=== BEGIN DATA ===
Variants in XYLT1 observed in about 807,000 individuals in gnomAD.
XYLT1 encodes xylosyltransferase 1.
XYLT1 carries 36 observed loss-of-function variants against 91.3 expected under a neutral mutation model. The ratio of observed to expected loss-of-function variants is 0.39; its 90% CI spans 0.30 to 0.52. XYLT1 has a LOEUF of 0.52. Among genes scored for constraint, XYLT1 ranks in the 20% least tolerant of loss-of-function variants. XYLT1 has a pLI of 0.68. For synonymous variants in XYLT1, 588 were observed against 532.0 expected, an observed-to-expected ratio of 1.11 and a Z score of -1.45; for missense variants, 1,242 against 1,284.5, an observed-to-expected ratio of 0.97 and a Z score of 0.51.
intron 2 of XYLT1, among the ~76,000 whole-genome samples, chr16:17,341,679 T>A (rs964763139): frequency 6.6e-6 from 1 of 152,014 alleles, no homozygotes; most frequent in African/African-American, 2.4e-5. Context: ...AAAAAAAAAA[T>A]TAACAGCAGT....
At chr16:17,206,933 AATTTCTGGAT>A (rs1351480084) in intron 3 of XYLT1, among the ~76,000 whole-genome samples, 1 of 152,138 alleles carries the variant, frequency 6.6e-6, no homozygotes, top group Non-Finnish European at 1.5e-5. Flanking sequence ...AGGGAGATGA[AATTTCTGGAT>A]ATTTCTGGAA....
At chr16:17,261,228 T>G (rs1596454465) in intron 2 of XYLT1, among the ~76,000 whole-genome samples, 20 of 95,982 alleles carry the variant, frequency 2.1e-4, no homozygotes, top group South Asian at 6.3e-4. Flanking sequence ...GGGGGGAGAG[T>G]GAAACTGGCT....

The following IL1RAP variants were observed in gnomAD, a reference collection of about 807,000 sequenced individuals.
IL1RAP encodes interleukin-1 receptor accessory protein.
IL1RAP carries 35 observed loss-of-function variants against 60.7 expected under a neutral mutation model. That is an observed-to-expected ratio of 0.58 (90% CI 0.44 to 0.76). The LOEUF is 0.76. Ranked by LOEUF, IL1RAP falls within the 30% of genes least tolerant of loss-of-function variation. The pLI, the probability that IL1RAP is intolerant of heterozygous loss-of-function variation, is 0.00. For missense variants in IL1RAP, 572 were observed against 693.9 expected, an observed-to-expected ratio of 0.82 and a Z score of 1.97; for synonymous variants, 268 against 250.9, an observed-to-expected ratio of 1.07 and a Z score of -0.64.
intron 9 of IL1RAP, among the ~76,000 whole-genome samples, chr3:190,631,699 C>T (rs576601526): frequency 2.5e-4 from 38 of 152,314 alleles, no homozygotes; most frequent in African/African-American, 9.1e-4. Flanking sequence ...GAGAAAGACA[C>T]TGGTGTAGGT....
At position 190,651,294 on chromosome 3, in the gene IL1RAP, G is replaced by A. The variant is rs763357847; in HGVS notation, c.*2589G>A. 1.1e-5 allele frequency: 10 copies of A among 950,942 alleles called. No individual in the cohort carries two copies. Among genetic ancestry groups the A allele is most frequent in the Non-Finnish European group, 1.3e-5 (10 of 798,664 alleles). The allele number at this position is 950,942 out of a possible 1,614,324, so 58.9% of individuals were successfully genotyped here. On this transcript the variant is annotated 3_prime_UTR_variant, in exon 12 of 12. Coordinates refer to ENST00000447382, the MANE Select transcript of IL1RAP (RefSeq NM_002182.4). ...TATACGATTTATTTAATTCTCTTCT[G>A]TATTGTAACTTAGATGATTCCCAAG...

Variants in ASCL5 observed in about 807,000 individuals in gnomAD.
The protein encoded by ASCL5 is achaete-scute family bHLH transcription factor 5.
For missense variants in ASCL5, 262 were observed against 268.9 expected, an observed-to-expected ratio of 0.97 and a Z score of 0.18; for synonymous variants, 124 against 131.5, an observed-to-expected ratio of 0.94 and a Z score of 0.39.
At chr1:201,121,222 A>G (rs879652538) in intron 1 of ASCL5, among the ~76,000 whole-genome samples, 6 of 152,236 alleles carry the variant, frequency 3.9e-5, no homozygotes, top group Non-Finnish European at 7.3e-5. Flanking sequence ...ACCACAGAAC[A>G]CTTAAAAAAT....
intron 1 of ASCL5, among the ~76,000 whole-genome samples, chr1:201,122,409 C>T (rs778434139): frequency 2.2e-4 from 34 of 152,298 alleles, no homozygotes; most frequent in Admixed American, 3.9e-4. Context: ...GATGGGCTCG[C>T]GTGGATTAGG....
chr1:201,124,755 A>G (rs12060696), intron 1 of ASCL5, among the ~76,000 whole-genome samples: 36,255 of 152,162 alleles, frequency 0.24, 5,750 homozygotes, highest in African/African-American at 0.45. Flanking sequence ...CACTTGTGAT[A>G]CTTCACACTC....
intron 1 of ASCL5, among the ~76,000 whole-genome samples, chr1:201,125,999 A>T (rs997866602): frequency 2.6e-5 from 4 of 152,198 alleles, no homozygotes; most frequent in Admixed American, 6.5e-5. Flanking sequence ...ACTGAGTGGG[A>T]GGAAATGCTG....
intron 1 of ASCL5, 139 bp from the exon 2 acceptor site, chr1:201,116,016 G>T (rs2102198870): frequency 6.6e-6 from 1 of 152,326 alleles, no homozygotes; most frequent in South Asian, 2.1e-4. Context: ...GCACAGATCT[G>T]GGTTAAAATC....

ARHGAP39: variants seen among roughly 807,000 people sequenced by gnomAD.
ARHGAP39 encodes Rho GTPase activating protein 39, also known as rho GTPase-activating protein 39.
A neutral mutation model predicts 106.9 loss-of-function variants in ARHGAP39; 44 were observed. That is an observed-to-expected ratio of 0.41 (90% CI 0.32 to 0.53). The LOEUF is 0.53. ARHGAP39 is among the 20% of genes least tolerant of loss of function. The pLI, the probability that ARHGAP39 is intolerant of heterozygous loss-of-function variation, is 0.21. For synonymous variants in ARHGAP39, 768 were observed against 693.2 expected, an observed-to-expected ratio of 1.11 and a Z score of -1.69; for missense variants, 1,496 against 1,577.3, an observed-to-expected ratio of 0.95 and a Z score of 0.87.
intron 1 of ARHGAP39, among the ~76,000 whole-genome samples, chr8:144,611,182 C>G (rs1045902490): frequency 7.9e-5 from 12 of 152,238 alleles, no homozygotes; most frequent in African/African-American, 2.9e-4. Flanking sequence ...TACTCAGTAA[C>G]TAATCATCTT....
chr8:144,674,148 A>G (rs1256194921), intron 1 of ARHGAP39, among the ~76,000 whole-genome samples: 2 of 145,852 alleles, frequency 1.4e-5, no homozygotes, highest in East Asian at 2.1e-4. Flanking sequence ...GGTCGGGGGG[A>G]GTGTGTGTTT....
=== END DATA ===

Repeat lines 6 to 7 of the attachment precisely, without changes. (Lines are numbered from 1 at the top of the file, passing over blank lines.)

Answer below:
At chr16:17,261,228 T>G (rs1596454465) in intron 2 of XYLT1, among the ~76,000 whole-genome samples, 20 of 95,982 alleles carry the variant, frequency 2.1e-4, no homozygotes, top group South Asian at 6.3e-4. Flanking sequence ...GGGGGGAGAG[T>G]GAAACTGGCT....

The following IL1RAP variants were observed in gnomAD, a reference collection of about 807,000 sequenced individuals.